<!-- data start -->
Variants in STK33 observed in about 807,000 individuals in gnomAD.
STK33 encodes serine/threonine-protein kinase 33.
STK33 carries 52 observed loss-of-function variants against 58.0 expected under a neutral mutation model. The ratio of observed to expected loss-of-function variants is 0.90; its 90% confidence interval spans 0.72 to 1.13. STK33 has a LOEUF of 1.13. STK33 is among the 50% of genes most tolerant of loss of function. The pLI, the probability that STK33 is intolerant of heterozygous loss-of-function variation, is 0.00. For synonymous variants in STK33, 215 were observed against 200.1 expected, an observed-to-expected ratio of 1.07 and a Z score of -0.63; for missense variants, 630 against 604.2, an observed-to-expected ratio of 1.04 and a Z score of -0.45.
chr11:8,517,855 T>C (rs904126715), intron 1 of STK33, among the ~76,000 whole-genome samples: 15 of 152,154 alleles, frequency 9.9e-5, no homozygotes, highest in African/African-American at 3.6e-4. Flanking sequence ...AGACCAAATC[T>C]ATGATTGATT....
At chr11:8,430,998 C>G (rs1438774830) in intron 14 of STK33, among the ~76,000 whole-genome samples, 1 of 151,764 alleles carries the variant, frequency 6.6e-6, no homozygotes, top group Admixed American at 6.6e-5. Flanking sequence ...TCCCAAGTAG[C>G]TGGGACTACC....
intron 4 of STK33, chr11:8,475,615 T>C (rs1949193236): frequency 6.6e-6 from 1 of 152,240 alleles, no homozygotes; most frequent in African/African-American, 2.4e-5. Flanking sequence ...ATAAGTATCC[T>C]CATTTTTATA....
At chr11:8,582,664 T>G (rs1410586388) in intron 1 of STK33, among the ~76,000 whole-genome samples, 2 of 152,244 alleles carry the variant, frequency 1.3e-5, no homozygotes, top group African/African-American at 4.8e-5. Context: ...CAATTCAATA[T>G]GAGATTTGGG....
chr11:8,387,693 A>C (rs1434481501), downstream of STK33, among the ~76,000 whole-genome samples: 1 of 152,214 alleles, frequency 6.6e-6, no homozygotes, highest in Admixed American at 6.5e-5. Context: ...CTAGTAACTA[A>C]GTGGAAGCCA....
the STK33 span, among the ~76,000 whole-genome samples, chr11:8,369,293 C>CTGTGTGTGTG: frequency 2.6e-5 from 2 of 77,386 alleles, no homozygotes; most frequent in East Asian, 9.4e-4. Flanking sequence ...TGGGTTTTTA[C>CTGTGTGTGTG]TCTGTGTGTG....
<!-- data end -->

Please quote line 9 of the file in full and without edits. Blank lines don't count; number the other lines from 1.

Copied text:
the STK33 span, among the ~76,000 whole-genome samples, chr11:8,369,293 C>CTGTGTGTGTG: frequency 2.6e-5 from 2 of 77,386 alleles, no homozygotes; most frequent in East Asian, 9.4e-4. Flanking sequence ...TGGGTTTTTA[C>CTGTGTGTGTG]TCTGTGTGTG....